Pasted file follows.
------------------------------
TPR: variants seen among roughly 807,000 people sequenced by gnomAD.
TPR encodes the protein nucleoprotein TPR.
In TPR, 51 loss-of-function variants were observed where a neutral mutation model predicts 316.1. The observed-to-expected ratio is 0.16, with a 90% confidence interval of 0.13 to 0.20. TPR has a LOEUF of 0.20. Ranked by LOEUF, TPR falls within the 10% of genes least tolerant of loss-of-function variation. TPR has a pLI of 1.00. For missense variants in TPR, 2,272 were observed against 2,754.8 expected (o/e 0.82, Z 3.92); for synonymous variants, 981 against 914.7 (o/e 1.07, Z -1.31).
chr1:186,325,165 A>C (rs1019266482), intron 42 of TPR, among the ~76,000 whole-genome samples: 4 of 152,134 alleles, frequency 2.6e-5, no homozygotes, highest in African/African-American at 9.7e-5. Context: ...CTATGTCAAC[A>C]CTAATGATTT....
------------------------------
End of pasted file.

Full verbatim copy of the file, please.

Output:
TPR: variants seen among roughly 807,000 people sequenced by gnomAD.
TPR encodes the protein nucleoprotein TPR.
In TPR, 51 loss-of-function variants were observed where a neutral mutation model predicts 316.1. The observed-to-expected ratio is 0.16, with a 90% confidence interval of 0.13 to 0.20. TPR has a LOEUF of 0.20. Ranked by LOEUF, TPR falls within the 10% of genes least tolerant of loss-of-function variation. TPR has a pLI of 1.00. For missense variants in TPR, 2,272 were observed against 2,754.8 expected (o/e 0.82, Z 3.92); for synonymous variants, 981 against 914.7 (o/e 1.07, Z -1.31).
chr1:186,325,165 A>C (rs1019266482), intron 42 of TPR, among the ~76,000 whole-genome samples: 4 of 152,134 alleles, frequency 2.6e-5, no homozygotes, highest in African/African-American at 9.7e-5. Context: ...CTATGTCAAC[A>C]CTAATGATTT....